A former Bernard Madoff executive on trial for aiding his $17 billion Ponzi scheme should be barred from calling a witness on “corporate psychopaths” to claim he was relentlessly manipulated, prosecutors said.
Paul Babiak, described by a defense lawyer as “one of the world’s leading experts on corporate psychopaths,” shouldn’t be allowed to testify for Daniel Bonventre, the ex-operations chief of Madoff’s broker-dealer unit, because he’s never met Madoff or diagnosed him, Assistant U.S. Attorney Matthew Schwartz said in a filing yesterday in Manhattan federal court.
Babiak, an author and licensed psychologist, can’t “reliably diagnose Mr. Madoff as a psychopath and testify about his skills in manipulating those around him on the basis of news reports and YouTube videos,” Schwartz wrote.
The trial of Bonventre and four of his former colleagues is the first stemming from the swindle, which collapsed after Madoff’s arrest in December 2008. Madoff, 75, is serving a 150-year sentence in a federal prison in North Carolina after pleading guilty in 2009 to the unprecedented fraud.
Prosecutors began presenting testimony by industry experts, Madoff’s accomplices and his former clerical staff in October.
Babiak’s proposed testimony is the first sign of how the defense lawyers will seek to prove their claim that Madoff had the ability to hide the U.S.’s biggest Ponzi scheme from his inner circle for decades.
Prosecutors sought to narrow the defense case by challenging the qualifications of proposed witnesses in letters to the court this week, while defense attorneys tried to justify using them. U.S. District Judge Laura Taylor Swain, who is overseeing the trial, will decide on Babiak’s testimony.
Babiak would testify that “the psychopath sees people as objects, each presenting him with an opportunity to contrive a tailored presentation designed to lure the object into serving the psychopath’s needs,” according to a letter by Bonventre’s lawyer, Andrew Frisch.
Schwartz told the judge that claims about Madoff’s skill as a liar “say nothing about whether Mr. Bonventre was either lied to or fooled.” Testimony about Bonventre’s supposed vulnerability is “wildly inappropriate,” Schwartz wrote to Swain.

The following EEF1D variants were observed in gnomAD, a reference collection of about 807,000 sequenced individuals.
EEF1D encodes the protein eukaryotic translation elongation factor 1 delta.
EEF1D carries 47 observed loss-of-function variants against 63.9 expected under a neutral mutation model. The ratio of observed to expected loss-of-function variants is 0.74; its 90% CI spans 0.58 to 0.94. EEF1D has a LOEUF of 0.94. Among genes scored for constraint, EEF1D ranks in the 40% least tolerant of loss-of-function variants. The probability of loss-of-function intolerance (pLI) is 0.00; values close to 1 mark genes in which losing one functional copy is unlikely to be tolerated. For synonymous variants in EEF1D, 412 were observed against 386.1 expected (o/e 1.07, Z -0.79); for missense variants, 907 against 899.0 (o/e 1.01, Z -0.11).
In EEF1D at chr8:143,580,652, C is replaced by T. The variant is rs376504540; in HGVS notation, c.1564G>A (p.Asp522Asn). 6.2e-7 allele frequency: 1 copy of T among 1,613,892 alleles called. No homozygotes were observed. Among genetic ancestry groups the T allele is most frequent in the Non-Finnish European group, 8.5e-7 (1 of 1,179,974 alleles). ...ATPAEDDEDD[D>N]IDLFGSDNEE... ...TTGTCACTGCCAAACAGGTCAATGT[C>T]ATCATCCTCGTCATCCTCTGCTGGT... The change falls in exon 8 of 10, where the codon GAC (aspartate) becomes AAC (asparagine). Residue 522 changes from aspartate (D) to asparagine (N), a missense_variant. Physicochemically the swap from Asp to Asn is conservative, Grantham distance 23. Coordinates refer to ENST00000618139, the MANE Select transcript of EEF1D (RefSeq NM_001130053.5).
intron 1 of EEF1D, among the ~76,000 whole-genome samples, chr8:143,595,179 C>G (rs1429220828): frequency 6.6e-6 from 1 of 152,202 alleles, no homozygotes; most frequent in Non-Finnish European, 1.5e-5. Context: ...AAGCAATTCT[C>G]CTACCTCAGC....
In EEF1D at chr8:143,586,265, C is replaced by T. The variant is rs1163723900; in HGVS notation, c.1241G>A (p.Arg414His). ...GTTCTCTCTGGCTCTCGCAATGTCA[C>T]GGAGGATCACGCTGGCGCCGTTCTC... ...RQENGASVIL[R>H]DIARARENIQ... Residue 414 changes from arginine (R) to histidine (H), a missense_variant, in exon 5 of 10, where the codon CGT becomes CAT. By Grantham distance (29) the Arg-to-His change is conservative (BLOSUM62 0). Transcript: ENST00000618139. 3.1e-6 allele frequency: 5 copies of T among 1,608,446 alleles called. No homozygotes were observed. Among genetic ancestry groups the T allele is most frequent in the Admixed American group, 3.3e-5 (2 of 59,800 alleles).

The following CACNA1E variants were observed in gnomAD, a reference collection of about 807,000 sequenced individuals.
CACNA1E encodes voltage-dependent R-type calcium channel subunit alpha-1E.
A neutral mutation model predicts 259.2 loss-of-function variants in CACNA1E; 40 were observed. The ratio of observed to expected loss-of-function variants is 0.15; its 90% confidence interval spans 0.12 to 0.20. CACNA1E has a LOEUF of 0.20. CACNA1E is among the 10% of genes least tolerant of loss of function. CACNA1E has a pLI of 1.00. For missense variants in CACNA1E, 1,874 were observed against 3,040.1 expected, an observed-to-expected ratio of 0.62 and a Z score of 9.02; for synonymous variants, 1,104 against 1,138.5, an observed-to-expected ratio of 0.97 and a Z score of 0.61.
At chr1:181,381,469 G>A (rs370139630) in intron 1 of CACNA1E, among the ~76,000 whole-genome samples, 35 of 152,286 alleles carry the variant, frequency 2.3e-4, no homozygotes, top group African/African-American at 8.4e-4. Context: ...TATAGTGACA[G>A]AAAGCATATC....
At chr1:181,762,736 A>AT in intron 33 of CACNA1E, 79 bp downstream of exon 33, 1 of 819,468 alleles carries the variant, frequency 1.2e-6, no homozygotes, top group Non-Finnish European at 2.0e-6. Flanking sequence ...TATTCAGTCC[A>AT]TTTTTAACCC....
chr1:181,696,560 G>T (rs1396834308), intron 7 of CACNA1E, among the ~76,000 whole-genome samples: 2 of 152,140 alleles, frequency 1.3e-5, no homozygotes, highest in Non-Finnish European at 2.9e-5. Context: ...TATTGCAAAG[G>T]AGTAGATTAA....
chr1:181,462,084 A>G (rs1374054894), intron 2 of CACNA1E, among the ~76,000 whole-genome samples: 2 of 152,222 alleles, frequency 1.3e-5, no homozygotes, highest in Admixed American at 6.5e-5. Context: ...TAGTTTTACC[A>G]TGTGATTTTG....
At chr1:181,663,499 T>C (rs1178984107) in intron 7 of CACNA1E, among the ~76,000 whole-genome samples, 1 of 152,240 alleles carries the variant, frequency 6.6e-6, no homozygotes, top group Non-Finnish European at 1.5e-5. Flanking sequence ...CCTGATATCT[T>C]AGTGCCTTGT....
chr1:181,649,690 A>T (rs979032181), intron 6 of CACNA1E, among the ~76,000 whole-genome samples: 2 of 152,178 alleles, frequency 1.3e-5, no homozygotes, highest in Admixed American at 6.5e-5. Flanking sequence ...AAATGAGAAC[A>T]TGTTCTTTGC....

Frisch told Swain in court today that it was “unlikely” he would call Babiak as a witness, though a final decision hasn’t been made.
Prosecutors accuse the group of using millions of fake trading confirmations and false account statements to trick customers into believing their money was being used to buy securities. No trading took place in the investment advisory business, where the fraud allegedly started in the early 1970s and lost $17 billion in principal from thousands of investors.
The other defendants are Annette Bongiorno, who ran the investment advisory unit at the center of the fraud; Joann Crupi, who managed large accounts; and computer programmers George Perez and Jerome O’Hara, accused of writing code to automate the deception as the scheme expanded in the 1990s.
The defendants pleaded not guilty and claim Madoff duped them by hiring them when they were young and inexperienced. Bonventre started working for Madoff in the 1960s, when he was 22. Bongiorno was hired after high school in 1968. The others were brought in after college or before they worked in the securities industry, their lawyers have said.
Defense lawyers gave a preview of their case in opening statements to the jury in October, saying the five co-workers were kept in the dark about the fraud and tricked by Madoff’s personality and reputation.
Crupi’s lawyer, Eric Breslin, compared Madoff to “the Great Oz” hiding behind a curtain with his employees seeing him as “almost a god.”
The government’s key witnesses, former Madoff employees who pleaded guilty to crimes stemming from the fraud, also said they were duped by Madoff and didn’t know about the Ponzi scheme.
Babiak’s testimony about Madoff would be based on court documents, a transcript from his sentencing hearing, two newspaper articles and two YouTube videos, according to the prosecution’s court filing.
Babiak, who says corporate psychopaths view employees as objects to be juggled, co-wrote a book called “Snakes in Suits: When Psychopaths Go to Work,” Frisch, Bonventre’s attorney, said in his letter.
Madoff displayed the defining features of corporate psychopaths, including “grandiosity, pathological lying, conning and manipulating others, callous disregard of others, lack of empathy and parasitic living,” according to Frisch’s letter. “The longer an object’s relationship with the psychopath, the greater the object’s vulnerability.”
Madoff pleaded guilty to fraud in 2009. At least seven others pleaded guilty, including his brother Peter Madoff, who is serving a 10-year term.
The case is U.S. v. O’Hara, 10-cr-00228, U.S. District Court, Southern District of New York (Manhattan).
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